Top 5 managers who were better as footballers
Diego Maradona was an exceptional player but couldn't gain as much success as a manager
It's an old argument that the media folk frequently trumpet, that to be a great manager, one has to have previously been a great footballer, and have experience on the pitch. The argument immediately withers when people like Jose Mourinho and Arrigo Sacchi are considered: neither played professionally to any good level and both have changed football, in their own way, after becoming coaches.
It's not necessary to have played the game to a high standard to become a manager, but it also doesn't exclude world-class players from making it in coaching; there are examples to all sides.
Indeed, it can be hard for a truly elite player to top the achievements of his playing career off the pitch, even if they enjoy success as a manager. This slideshow, therefore, looks at the top 5 examples of managers who - whether because they were supreme in their playing days or also notably poor in management - were much better as football players:
#5 Diego Maradona
The life and career of the best Argentinian footballer before Lionel Messi's arrival is well-documented and he's certainly among the top 5 players of all time. Maradona was an era-defining talent, the best to follow Pele (and his eternal rival), and his charisma and swagger made him a sporting icon.
Maradona's highlight reels are immense: everyone remembers his 'Goal of the Century' against England in the 1986 World Cup, as he slalomed his way past five English defenders before slotting past Peter Shilton; he completely inspired Napoli to their first ever Serie A title in 1987.
Some players seem destined for a transfer into management but Maradona, with his volatile temperament and off-field problems, wasn't one of them. It was highly surprising, then, when it was announced that Maradona would take over as the Argentina national team in 2008.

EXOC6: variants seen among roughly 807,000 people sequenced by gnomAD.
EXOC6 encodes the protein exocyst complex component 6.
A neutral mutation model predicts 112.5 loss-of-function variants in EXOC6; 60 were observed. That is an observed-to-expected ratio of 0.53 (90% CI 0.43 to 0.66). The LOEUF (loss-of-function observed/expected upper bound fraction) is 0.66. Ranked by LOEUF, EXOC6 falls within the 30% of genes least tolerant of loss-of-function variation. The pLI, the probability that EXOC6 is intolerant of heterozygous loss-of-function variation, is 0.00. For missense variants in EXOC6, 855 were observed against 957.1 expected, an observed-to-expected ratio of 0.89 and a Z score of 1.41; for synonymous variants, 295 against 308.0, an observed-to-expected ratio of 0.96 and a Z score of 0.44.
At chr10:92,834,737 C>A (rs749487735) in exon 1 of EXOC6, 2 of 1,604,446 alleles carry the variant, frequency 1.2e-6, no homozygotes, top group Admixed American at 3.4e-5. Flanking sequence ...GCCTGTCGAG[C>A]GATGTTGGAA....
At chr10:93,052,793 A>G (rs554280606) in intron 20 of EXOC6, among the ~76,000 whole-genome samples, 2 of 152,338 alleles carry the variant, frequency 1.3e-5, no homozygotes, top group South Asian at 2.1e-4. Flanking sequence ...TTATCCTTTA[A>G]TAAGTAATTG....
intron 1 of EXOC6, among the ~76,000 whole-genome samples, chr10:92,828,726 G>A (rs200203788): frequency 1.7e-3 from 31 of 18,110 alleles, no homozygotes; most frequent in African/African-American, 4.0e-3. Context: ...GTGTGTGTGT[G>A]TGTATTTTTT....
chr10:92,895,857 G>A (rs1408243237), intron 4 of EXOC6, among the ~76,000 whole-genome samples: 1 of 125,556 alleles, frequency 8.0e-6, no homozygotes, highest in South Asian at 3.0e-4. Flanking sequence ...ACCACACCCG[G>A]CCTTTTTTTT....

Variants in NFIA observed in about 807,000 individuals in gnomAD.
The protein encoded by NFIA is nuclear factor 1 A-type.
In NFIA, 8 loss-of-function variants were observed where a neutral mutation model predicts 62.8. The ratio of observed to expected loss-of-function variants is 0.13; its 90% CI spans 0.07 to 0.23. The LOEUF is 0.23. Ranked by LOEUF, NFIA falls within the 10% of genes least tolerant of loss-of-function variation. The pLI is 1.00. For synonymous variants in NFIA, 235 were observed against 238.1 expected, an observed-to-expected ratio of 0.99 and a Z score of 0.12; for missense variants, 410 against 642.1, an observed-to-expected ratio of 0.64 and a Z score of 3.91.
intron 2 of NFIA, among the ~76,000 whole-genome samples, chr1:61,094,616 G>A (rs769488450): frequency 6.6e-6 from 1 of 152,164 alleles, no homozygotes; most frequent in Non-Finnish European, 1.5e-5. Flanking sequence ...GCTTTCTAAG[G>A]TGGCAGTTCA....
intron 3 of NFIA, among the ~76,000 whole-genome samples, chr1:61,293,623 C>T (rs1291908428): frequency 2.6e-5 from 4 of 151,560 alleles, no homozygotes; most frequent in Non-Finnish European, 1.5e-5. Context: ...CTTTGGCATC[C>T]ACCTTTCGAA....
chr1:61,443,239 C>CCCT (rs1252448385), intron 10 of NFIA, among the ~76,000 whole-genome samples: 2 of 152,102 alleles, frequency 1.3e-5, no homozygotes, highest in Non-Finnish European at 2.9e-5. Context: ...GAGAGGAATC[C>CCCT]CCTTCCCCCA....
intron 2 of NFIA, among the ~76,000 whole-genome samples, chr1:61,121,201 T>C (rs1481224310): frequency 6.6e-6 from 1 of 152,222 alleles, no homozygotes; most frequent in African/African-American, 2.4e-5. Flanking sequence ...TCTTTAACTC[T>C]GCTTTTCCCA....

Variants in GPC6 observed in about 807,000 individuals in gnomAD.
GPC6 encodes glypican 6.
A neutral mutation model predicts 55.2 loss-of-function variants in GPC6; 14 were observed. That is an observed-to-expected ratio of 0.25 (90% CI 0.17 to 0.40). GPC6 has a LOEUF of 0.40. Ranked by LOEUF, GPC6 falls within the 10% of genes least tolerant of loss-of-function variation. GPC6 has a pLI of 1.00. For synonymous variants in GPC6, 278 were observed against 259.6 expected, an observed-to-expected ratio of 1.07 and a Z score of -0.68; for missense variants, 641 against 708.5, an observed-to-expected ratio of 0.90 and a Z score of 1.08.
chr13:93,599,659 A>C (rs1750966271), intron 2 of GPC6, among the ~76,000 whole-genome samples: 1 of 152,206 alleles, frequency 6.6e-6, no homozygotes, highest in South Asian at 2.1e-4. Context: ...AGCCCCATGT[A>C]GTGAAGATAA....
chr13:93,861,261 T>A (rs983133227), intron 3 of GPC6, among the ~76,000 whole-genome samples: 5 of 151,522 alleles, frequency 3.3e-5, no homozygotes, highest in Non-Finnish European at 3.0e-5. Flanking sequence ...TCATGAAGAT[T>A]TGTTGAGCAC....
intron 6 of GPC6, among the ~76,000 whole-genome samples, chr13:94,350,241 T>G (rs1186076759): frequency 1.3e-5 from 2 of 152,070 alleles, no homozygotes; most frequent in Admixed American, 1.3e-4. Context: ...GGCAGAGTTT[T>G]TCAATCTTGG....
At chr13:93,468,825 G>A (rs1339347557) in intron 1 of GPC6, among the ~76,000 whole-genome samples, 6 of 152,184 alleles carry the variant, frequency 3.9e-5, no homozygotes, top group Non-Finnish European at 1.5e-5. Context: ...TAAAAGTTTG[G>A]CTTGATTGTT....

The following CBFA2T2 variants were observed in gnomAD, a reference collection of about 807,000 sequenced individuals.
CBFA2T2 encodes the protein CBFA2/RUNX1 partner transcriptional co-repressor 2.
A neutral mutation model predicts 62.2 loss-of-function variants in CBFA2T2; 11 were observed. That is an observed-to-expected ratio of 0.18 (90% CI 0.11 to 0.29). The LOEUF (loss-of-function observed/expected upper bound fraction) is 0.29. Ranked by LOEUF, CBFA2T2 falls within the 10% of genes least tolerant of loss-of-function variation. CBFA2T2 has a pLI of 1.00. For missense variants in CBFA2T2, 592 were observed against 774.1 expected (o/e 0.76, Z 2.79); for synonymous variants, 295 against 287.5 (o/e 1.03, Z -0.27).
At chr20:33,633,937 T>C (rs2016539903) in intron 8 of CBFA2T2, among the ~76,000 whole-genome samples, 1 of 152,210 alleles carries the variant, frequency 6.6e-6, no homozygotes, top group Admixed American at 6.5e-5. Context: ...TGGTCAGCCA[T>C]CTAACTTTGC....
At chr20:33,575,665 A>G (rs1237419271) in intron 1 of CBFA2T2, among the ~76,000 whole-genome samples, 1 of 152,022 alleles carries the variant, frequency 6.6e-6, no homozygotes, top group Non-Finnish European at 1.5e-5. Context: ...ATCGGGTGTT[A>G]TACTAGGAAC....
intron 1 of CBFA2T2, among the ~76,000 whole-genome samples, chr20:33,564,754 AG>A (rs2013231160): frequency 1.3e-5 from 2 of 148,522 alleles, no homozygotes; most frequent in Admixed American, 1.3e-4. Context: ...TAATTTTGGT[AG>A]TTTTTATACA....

He had precious little experience in management up until then, with just two short spells in his homeland with Mandiyu de Corrientes and Racing Club 13 years previously, and the results were uninspiring.
He was in charge of a 6-1 loss to Bolivia, equaling the team's worst ever margin of defeat. He unleashed an abusive tirade at the media after the country's qualification for the 2010 World Cup, resulting in a 2-month ban.
After a promising start in that tournament, Germany routed them 4-0 in the quarter-finals, bringing an end to his time in charge of his beloved nation. Maradona was the main reason Argentina triumphed in the 1986 World Cup and he took them to another final in 1990, but it was always too romantic a notion to conceive of him guiding them to similar success as a manager.
He's only forayed into management again two times, both in the UAE with Al Wasl and Fujairah (his current side) but it's very unlikely that management will ever suit the great Maradona.